May 1, 2022
Read the passage at the bottom of this post: John 21:1-19, The Message or John 21:1-19, The New Revised Standard Version (NRSV).
Permission is granted for non-profit use of these materials. Acknowledgement in oral presentations is not required. Otherwise, please acknowledge source as, "David Ewart, www.holytextures.com."
This is the story of the "first breakfast."
As usual with John, it is important to not get caught up in the historical details. John wants us to see Jesus, to see the glory of God revealed in / through Jesus.
Note that this is the third time (in John) that the risen Jesus has appeared to his followers. Three signifies completion / wholeness.
I've heard it speculated (somewhere) that the number of fish, 153, signifies the number of nations / nationalities at that time.
Isn't it interesting that after having so far experienced the risen Jesus twice, Peter says, "I'm going fishing." Kinda makes you wonder which is the greater miracle: that a dead man was raised back to life; or that the male followers of Jesus finally "got it" and let the rest of us know their good news.
Many speculate that the encounter between Jesus and Peter is in parallel with Peter's earlier three-fold denial of Jesus. Peter had denied knowing Jesus three times; now he is given three chances to affirm his love of Jesus.
A problem with most English translations is that they don't distinguish between the two different words for "love" that are in the original Greek.
The first two times Jesus asks Peter, "Do you love me?" the Greek word Jesus uses is "agape." (ah-gah-pey). This is the love of John 3:16 (For God so loved (agaped) the world ...), and John 15 (This is my new commandment, that you love (agape) one another as I have loved (agape) you). This love is unreserved, unconditional, unwavering and totally oriented for the good of the other.
However, when Peter responds to Jesus, "Yes Lord, you know I love you," he uses a different word - philios - which means "friendship." So the first two encounters might be better translated as:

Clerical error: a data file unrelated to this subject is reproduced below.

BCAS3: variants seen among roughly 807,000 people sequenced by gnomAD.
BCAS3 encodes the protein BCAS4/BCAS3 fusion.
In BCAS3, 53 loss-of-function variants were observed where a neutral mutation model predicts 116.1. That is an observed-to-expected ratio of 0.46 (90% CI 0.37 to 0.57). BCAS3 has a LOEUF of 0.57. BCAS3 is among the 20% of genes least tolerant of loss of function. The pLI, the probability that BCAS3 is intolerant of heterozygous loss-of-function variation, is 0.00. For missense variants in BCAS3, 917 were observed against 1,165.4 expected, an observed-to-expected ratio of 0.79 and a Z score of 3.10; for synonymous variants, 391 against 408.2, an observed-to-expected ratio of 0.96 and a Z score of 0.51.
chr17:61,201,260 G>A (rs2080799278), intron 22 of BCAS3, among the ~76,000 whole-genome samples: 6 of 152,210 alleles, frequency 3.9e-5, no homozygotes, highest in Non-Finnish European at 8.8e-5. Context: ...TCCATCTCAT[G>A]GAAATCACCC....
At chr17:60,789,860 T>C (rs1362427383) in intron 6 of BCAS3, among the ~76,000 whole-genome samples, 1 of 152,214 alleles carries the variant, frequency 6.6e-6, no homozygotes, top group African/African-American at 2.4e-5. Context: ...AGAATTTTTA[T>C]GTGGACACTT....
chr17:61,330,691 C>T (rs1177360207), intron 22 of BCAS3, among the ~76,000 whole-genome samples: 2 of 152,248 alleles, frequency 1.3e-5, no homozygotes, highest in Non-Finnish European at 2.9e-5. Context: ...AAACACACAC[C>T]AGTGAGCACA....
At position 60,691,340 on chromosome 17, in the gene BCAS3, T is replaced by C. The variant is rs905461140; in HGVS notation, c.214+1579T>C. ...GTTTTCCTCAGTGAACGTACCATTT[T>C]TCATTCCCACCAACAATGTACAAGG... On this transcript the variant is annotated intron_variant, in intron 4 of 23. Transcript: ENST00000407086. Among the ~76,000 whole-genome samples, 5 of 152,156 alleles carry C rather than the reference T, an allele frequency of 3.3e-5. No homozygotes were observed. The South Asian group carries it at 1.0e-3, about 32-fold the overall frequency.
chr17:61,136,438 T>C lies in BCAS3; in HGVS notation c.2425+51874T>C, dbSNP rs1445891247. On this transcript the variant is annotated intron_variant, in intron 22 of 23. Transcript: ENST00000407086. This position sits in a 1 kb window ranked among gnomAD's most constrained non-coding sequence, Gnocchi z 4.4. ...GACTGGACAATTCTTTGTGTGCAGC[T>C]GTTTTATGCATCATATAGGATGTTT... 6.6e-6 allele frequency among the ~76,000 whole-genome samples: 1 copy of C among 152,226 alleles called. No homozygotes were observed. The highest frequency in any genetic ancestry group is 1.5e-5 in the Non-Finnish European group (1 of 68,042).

Jesus: "Peter, are you fully devoted to me?"
Peter: "Yes Lord, you know I am your friend."
What I see in this encounter is that Jesus twice offers Peter the opportunity to again over promise, over commit as he did at the last supper (I will NEVER deny you). Peter is human, and while we might aspire to agape love, we will never fulfill that aspiration. And so, when Jesus asks Peter for the third time, "Do you love me?" Jesus uses "philios." In effect, accepting Peter's offer of friendship.
Jesus: "Peter, are you my friend?"
Peter: "Lord, you know everything, you know I am your friend."
The love that Peter can actually offer - philios - may not be agape love, but it is good enough love. Jesus accepts us as we are; there is no need to pretend that we are perfect (as much as we might aspire to it).
The text is rich with many details that lend themselves to much imagining - and hopefully - some revelation of God's grace:
When do I / we ...
- See but fail to recognize the presence of God's offer of new life-raised-from-death?
- Persist in fruitless work / relationships?
- Learn from others to see the Christ?
- Behave foolishly because of joy?
- Bring my portion to the common good?
- Face my failings and faults and nonetheless also receive my purpose in life?
- Accept the binding / bonding to Christ and the consequences that follow?
Note: Historical background information is primarily from Bruce Malina and Richard Rohrbaugh, Social Science Commentary on the Gospel of John, pages 287-290; and the writings of Amy-Jill Levine, et. al. See link below.
John 21:1-19 (NRSV)
1 After these things Jesus showed himself again to the disciples by the Sea of Tiberias; and he showed himself in this way. 2 Gathered there together were Simon Peter, Thomas called the Twin, Nathanael of Cana in Galilee, the sons of Zebedee, and two others of his disciples. 3 Simon Peter said to them, "I am going fishing." They said to him, "We will go with you." They went out and got into the boat, but that night they caught nothing.
4 Just after daybreak, Jesus stood on the beach; but the disciples did not know that it was Jesus. 5 Jesus said to them, "Children, you have no fish, have you?" They answered him, "No." 6 He said to them, "Cast the net to the right side of the boat, and you will find some." So they cast it, and now they were not able to haul it in because there were so many fish. 7 That disciple whom Jesus loved said to Peter, "It is the Lord!" When Simon Peter heard that it was the Lord, he put on some clothes, for he was naked, and jumped into the sea. 8 But the other disciples came in the boat, dragging the net full of fish, for they were not far from the land, only about a hundred yards off.